It has certainly been a long time since we’ve had a good dungeon builder game. I don’t mean that to be rude to those that have attempted it, but when you look at all of the games to have come out in the genre, nothing really triumphs over the Dungeon Keeper games from Bullfrog Studios.
Now that Bullfrog has been dead for well over a decade, a lot of developers have picked scraps from their legacy and tried to succeed in improving them. Many have tried, and quite a few have failed to do anything, save for falling short. However, in the case of Realmforge Studios, this isn’t one of those stories.
Realmforge has delivered the Dungeons series, a set of games that focus around the Undeniable Evil Overlord, whose whole point in life was to conquer the lands and raise an army of evil minions. Having completed that goal in the first two games, the Undeniable Evil became a recluse, locking himself away in his secret lab as he munched on unicorns. Once he came out of his lab, he declared that he would have a fleet created in order to conquer a newly discovered island. After the fleet sinks a few times, he decides just to corrupt an already evil person and make them his apprentice.
That is when the game introduces you to Thalya, a dark elf that was adopted by a paladin and raised to be good. The Undeniable Evil bonds his shadow with her, allowing the true might of her powers to come through as she slaughters the people in her hometown. She then descends into the Fatiguing Library’s basement, and starts about her efforts to create a dungeon to fight off the goody two-shoed heroes of this island.
If you think the story already sounds pretty comedic in a dark, unicorn legs for dinner sort of way, then you’d be right on the money. The game prides itself with going evil and making you the great big villain that you deserve to be, and it certainly commits to the comedy aspect of it. The narrator, voiced by somebody that sounds similar to David Attenborough, is a very conversational individual that helps bolster the story, whilst poking fun at the conventions of gaming sequels as a whole. One of the most memorable exchanges takes place in the third mission of the game when you have to unleash these demons from powerful stones.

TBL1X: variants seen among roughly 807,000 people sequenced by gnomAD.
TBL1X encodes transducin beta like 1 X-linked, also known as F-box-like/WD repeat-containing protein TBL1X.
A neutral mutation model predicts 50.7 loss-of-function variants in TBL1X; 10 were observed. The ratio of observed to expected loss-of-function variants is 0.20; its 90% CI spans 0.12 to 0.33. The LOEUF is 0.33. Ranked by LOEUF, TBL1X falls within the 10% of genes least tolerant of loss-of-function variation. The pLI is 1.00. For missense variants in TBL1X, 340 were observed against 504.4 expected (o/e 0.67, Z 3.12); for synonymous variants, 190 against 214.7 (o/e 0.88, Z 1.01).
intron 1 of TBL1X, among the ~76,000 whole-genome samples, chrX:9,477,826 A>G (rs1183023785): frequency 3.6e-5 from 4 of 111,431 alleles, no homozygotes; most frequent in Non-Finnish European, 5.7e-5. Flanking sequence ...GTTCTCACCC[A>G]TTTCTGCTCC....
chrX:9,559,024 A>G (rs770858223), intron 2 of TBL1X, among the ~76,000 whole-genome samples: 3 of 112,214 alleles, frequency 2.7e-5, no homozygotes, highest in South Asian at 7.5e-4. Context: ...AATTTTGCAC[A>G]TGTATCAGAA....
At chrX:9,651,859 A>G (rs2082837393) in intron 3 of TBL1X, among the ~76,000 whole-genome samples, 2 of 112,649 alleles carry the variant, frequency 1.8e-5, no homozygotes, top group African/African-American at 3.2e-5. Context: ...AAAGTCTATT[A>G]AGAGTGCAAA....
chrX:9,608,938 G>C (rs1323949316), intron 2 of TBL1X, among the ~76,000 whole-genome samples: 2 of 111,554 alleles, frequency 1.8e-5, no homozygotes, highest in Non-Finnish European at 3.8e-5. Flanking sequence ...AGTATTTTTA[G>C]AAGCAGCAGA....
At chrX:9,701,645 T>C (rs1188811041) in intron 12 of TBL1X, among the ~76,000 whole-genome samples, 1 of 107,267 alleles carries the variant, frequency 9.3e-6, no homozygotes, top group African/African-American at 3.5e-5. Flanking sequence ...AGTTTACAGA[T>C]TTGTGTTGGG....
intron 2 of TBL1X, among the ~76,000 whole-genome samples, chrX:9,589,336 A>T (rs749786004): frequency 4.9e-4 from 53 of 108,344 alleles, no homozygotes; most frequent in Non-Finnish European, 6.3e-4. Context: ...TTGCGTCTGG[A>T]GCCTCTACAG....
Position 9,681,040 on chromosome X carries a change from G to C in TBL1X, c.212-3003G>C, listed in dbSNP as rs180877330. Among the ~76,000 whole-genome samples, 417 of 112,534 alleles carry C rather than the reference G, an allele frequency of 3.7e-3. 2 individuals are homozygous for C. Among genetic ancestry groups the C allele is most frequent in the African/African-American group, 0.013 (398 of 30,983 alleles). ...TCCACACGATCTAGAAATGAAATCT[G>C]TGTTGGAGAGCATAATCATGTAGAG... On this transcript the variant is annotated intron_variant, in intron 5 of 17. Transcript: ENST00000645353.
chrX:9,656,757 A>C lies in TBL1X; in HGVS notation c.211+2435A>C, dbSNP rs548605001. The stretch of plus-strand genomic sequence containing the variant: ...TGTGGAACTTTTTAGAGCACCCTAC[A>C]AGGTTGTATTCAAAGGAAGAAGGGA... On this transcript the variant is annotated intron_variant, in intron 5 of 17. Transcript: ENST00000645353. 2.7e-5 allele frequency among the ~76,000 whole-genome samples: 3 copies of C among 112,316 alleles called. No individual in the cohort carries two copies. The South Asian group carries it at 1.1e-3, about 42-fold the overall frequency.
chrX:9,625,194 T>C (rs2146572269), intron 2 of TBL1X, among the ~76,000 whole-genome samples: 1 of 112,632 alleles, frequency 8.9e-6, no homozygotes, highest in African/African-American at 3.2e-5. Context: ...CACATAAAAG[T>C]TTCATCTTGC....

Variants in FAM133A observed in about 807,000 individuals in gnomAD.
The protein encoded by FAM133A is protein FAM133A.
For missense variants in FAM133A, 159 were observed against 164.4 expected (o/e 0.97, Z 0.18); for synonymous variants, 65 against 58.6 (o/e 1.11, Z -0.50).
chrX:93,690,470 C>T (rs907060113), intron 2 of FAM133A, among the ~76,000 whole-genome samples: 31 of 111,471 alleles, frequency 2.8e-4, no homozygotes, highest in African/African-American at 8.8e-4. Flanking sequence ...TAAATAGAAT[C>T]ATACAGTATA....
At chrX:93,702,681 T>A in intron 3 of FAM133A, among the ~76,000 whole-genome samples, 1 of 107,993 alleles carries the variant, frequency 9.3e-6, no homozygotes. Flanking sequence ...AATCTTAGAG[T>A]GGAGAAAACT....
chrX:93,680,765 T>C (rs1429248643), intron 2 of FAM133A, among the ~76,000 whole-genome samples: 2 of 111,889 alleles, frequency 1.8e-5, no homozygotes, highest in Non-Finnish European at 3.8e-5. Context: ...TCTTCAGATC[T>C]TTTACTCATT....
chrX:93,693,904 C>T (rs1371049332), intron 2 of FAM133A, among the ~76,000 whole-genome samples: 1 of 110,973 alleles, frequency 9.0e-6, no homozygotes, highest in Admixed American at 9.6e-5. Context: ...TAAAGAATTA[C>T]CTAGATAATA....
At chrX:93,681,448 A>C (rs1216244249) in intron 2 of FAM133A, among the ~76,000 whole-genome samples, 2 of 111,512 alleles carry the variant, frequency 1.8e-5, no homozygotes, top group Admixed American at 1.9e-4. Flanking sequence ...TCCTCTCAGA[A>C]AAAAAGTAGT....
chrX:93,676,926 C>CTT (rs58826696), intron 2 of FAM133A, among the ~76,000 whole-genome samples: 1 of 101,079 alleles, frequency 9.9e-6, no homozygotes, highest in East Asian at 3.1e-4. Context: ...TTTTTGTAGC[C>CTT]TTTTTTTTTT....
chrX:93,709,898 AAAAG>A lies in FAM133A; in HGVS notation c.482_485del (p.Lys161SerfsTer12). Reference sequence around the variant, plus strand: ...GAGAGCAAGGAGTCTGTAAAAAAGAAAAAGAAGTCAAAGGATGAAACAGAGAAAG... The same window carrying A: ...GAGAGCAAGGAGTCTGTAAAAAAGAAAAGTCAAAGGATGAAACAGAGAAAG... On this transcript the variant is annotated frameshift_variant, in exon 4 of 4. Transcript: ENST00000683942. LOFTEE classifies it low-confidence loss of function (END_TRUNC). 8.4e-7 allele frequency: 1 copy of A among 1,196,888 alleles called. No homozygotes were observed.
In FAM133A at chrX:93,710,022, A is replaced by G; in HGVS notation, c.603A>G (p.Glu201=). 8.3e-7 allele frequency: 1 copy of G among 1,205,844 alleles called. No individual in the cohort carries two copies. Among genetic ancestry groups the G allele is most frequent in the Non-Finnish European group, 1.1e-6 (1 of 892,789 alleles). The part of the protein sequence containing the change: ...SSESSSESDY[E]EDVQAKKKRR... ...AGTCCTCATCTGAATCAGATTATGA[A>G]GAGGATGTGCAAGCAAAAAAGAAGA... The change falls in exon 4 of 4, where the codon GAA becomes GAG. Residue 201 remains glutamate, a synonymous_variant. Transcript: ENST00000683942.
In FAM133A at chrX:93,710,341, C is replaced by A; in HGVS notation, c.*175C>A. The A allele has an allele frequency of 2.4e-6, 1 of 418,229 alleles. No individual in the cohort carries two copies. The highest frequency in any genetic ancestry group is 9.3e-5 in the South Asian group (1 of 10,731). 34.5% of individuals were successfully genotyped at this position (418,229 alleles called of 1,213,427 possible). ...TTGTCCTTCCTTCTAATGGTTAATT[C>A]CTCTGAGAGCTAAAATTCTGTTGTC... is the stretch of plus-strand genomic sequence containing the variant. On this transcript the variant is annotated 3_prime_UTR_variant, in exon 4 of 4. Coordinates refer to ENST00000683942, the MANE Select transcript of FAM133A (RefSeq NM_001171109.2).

The narrator, after you unseal the third stone, informs Thalya that there is one last stone that she needs to corrupt. She asks him why she has to do this a fourth time, for every good game has three goals to each level. He responds by telling her that yes, in fact, every GOOD game has three objectives. Take that how you want, but it’s that kind of doubled-edged comedy that the narrator rattles on with throughout the campaign of the game… whether it be about him talking about his lucrative narrator contract, or about how much he hates the paladin, simply because he won’t understand that Thalya has gone bad and won’t go back.
Now, as much as I hate to correct the narrator in this game, Dungeons 3 is a good game. The main focus is set around you building up your dungeon in each level, and then swinging up to the topsoil and corrupting the good lands of what I’ll deem Sequel Island. You have to design the rooms by marking out squares to be excavated, and you’ll have to wait as your Little Snots go about shaping the caverns to your bidding. You have to dig up gold veins to purchase room tiles, and to hire monsters to send out and kill the heroes that infest the soil above your dungeon. If you do a poor job of stocking monsters up in your dungeon, heroes will enter and go about destroying the Dungeon heart, otherwise known as the giant red videogame weak point of your entire dungeon.
In order to unlock new rooms and monsters, you must spend large sums of money in the research tab. Some of the research items will require you to spend Evilness, which is gained by corrupting monuments on the top section of the level. To corrupt said monuments, all you have to do is slaughter the heroes that guard it, and that will start netting you a passive income of evilness, with a large payout upfront. You can spend this Evilness on endless upgrades to increase the stats of your monsters, which will allow you to spend significantly less time mowing down hordes, for your creatures will become murdering machines!
I personally liked to rock a bunch of Goblins and a couple of Nagas. The Goblins would do hefty amounts of DPS, whilst the Nagas keep my party healthy with their healing abilities. A thing to keep in mind whilst you push your way through the game is that there are different types of monsters that you have access to. There are Horde monsters, which are your typical Goblins and Orcs and Nagas, Undead, which include Lichs and Banshees and Vampires, and there are also Demons, which will resurrect themselves at the cost of draining some of your Mana. All three of these types also have Titan-class monster, which are wildly expensive, but will have no difficulty in crushing any opponent that crosses their path.
My only issue with the research system is that it restarts at the beginning of each level. I really wish they would give the option of at least keeping Thalya’s levels, just so you don’t have to reset entirely, and because it doesn’t make sense for her to lose her levels. She should be perpetually getting stronger, and so I’d argue that her base level should go up once every mission until it caps out at the max research. This would give more of a natural curve to her power, and would make it significantly less likely that she’ll die during a small confrontation with a gunner enemy.